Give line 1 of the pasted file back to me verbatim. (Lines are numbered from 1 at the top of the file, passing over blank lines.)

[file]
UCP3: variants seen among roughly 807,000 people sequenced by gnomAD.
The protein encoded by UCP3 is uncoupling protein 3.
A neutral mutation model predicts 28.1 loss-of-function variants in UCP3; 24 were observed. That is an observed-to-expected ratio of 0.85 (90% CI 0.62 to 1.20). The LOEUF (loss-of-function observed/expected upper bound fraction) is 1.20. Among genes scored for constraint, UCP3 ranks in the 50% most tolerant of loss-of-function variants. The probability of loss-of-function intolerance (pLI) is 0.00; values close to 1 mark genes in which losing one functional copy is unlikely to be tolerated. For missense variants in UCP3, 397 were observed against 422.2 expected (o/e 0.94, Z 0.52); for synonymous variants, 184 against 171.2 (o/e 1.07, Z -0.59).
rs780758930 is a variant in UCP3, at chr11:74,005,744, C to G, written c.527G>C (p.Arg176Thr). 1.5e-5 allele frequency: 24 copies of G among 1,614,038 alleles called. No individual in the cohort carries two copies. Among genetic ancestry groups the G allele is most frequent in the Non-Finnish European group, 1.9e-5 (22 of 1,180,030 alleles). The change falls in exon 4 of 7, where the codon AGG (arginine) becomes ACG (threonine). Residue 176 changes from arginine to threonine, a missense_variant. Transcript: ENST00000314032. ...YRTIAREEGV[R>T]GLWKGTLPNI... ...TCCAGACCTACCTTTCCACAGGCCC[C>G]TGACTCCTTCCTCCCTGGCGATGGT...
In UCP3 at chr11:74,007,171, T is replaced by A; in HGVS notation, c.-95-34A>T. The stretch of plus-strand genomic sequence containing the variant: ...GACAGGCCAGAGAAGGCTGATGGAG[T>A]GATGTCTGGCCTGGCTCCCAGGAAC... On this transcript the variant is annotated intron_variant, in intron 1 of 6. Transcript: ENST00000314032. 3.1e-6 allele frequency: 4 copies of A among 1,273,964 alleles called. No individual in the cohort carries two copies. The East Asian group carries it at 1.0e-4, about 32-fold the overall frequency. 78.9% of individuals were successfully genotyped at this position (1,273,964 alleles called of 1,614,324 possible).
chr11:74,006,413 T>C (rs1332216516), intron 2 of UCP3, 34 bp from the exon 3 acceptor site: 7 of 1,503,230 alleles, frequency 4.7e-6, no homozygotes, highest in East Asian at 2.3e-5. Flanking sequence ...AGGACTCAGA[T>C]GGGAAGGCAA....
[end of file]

UCP3: variants seen among roughly 807,000 people sequenced by gnomAD.